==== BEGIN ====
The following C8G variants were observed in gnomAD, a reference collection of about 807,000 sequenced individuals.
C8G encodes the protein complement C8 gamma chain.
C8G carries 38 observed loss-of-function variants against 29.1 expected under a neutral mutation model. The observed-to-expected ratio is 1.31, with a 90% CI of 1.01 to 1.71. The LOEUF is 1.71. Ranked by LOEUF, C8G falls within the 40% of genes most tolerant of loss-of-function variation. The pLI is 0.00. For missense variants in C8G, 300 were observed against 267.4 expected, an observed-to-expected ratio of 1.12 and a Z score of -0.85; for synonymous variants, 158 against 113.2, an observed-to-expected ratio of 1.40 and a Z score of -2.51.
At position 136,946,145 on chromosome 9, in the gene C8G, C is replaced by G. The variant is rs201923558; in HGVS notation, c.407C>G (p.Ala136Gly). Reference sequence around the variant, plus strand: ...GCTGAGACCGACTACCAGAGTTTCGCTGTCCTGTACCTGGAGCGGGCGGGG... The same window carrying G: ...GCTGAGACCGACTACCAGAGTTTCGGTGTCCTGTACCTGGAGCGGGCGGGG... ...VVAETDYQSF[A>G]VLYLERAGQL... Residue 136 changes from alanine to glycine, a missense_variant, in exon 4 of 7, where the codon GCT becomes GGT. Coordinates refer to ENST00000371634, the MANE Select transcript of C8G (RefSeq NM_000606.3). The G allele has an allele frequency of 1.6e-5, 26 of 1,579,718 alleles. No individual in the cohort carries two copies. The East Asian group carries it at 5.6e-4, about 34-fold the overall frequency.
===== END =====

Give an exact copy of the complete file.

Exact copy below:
The following C8G variants were observed in gnomAD, a reference collection of about 807,000 sequenced individuals.
C8G encodes the protein complement C8 gamma chain.
C8G carries 38 observed loss-of-function variants against 29.1 expected under a neutral mutation model. The observed-to-expected ratio is 1.31, with a 90% CI of 1.01 to 1.71. The LOEUF is 1.71. Ranked by LOEUF, C8G falls within the 40% of genes most tolerant of loss-of-function variation. The pLI is 0.00. For missense variants in C8G, 300 were observed against 267.4 expected, an observed-to-expected ratio of 1.12 and a Z score of -0.85; for synonymous variants, 158 against 113.2, an observed-to-expected ratio of 1.40 and a Z score of -2.51.
At position 136,946,145 on chromosome 9, in the gene C8G, C is replaced by G. The variant is rs201923558; in HGVS notation, c.407C>G (p.Ala136Gly). Reference sequence around the variant, plus strand: ...GCTGAGACCGACTACCAGAGTTTCGCTGTCCTGTACCTGGAGCGGGCGGGG... The same window carrying G: ...GCTGAGACCGACTACCAGAGTTTCGGTGTCCTGTACCTGGAGCGGGCGGGG... ...VVAETDYQSF[A>G]VLYLERAGQL... Residue 136 changes from alanine to glycine, a missense_variant, in exon 4 of 7, where the codon GCT becomes GGT. Coordinates refer to ENST00000371634, the MANE Select transcript of C8G (RefSeq NM_000606.3). The G allele has an allele frequency of 1.6e-5, 26 of 1,579,718 alleles. No individual in the cohort carries two copies. The East Asian group carries it at 5.6e-4, about 34-fold the overall frequency.